Aoi-Matsuri

The Aoi Matsuri, or "Hollyhock Festival," is one of the three main annual festivals held in Kyoto, Japan, the other two being the Festival of the Ages (Jidai Matsuri) and the Gion Festival. It is a festival of the two Kamo shrines in the north of the city, Shimogamo Shrine and Kamigamo Shrine. The festival may also be referred to as the Kamo Festival. It is held on 15 May of each year. (source: Wikipedia)
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Aoi-Matsuri (Aoi-festival) in Kyoto Japan.  Heian era costume.   The Aoi Festival came to be held now for approximately 1,400 years.

Aoi-Matsuri (Aoi-festival) in Kyoto. The Aoi Festival came to be held now for approximately years. These men and women are dressed in heian era clothing.

Aoi-Matsuri (Aoi-festival) in Kyoto Japan.  Heian era costume.   The Aoi Festival came to be held now for approximately 1,400 years.

Aoi-Matsuri (Aoi-festival) in Kyoto Japan. Kariginu kimono The Aoi Festival came to be held now for approximately years.

Children at the Aoi Matsuri (Hollyhock Festival), Imperial Palace, Kyoto.  The main attraction is a procession through the Imperial Palace to the Kamo Shrines in the style of the Heian Period.

Children at the Aoi Matsuri (Hollyhock Festival), Imperial Palace, Kyoto. The main attraction is a procession through the Imperial Palace to the Kamo Shrines in the style of the Heian Period.

Kyoto’s Aoi Matsuri Festival, Japan, by Jeffrey Friedl

Hollyhock festival Kyoto’s Aoi Matsuri Festival, Japan, by Jeffrey Friedl

Aoi-Matsuri (Aoi-festival) in Kyoto Japan.  Heian era costume.   The Aoi Festival came to be held now for approximately 1,400 years.

Aoi-Matsuri (Aoi-festival) in Kyoto Japan. The Aoi Festival came to be held now for approximately years.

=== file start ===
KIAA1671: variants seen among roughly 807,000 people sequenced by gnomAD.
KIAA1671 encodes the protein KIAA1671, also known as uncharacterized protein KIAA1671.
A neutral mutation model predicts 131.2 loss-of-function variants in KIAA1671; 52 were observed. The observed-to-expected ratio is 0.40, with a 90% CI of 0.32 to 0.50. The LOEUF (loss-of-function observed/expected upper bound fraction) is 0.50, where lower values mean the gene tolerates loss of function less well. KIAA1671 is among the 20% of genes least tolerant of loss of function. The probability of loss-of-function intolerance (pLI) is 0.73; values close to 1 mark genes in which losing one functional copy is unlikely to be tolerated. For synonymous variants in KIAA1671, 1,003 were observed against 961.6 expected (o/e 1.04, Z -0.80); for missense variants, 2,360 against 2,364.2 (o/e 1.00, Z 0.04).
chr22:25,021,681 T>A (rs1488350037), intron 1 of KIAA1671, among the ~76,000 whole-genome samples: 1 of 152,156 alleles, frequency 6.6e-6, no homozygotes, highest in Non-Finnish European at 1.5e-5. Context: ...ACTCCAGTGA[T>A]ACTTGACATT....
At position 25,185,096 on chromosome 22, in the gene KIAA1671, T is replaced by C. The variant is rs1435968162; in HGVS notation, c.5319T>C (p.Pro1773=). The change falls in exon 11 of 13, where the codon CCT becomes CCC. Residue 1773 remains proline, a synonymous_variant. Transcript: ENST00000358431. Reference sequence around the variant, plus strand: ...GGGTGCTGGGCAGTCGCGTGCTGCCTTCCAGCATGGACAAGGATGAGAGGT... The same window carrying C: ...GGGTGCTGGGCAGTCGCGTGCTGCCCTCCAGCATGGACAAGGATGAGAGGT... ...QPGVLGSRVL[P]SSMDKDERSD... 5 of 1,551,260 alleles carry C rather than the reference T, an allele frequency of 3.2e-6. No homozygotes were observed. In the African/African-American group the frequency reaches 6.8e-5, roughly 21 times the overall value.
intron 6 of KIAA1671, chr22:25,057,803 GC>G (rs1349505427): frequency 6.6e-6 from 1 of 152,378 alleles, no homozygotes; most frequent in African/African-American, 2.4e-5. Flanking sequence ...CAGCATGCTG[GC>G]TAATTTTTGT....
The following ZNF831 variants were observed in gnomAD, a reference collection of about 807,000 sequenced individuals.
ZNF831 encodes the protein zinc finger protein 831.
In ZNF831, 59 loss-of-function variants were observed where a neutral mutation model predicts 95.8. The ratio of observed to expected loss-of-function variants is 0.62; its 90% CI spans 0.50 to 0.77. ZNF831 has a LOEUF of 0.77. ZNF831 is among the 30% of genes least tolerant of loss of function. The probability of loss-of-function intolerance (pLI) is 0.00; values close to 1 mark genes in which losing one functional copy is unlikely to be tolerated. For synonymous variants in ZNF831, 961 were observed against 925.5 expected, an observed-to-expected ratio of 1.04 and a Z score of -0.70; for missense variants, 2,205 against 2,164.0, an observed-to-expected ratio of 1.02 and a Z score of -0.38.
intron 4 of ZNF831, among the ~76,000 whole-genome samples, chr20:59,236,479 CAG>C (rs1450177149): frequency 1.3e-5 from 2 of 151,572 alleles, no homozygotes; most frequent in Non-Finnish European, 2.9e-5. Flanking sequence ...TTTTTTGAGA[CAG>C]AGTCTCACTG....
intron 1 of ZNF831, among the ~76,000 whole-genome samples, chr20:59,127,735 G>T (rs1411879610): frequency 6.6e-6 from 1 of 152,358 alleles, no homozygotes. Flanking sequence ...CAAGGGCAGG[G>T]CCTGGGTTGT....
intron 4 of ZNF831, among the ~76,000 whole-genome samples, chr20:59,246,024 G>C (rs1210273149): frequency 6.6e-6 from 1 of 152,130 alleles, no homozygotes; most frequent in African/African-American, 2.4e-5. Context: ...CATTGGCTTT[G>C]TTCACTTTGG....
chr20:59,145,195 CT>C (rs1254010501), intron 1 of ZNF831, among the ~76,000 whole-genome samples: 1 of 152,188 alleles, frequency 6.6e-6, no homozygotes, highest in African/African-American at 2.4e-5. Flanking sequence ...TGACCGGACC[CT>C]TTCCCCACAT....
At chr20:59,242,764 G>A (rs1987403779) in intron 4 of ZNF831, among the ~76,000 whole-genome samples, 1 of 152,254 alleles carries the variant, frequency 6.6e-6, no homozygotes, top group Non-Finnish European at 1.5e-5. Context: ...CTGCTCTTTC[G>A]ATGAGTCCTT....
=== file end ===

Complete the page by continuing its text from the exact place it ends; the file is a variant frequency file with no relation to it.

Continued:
Court ladies dressed in the ceremonial robes of the ancient Heian Court participate in the Aoi Matsuri (葵祭) held annually in the Old Capital of Japan, Kyoto.

Court ladies dressed in the ceremonial robes of the ancient Heian Court participate in the Aoi Matsuri (葵祭) held annually in the Old Capital of Japan, Kyoto.

A princess's attendant in the Aoi Matsuri Festival, Kyoto, Japan.    first published in Smithsonian Magazine and later featured in National Geographic Traveler.

A princess’s attendant in the Aoi Matsuri Festival, Kyoto, Japan.First published in Smithsonian Magazine, and featured in National Geographic Traveler.

Aoi Matsuri festival (葵祭) Japan / 女人行列 京都

Aoi Matsuri festival (葵祭) Japan / 女人行列 京都

「葵祭 2012」The Aoi Matsuri ,  ”Hollyhock Festival

斎王代 : Saioh-dai Imperial Messengers maintaining ritual purity and prepare for Aoi Matsuri (Hollyhock Festival) in Kyoto. Originally it was served by Royal unmarried prinsess of the Ise Shrine or Kamo Shrine. Saioh-dai means Royal sharman - proxy.

Aoi-Matsuri (Aoi-festival) in Kyoto Japan.  Heian era costume.   The Aoi Festival came to be held now for approximately 1,400 years.

Aoi-Matsuri (Aoi-festival) in Kyoto Japan. The Aoi Festival came to be held now for approximately years.

A man dressed in kariginu for the AOI matsuri

Aoi Matsuri in Kyoto is a festival with 1400 years of history, but its atmosphere is different to most religious or folk festivals in Japan.

葵祭り Aoi-Matsuri (Aoi-festival) in Kyoto Japan. Heian era costume. The Aoi Festival came to be held now for approximately 1,400 years.

葵祭り Aoi-Matsuri (Aoi-festival) in Kyoto Japan. The Aoi Festival came to be held now for approximately years.

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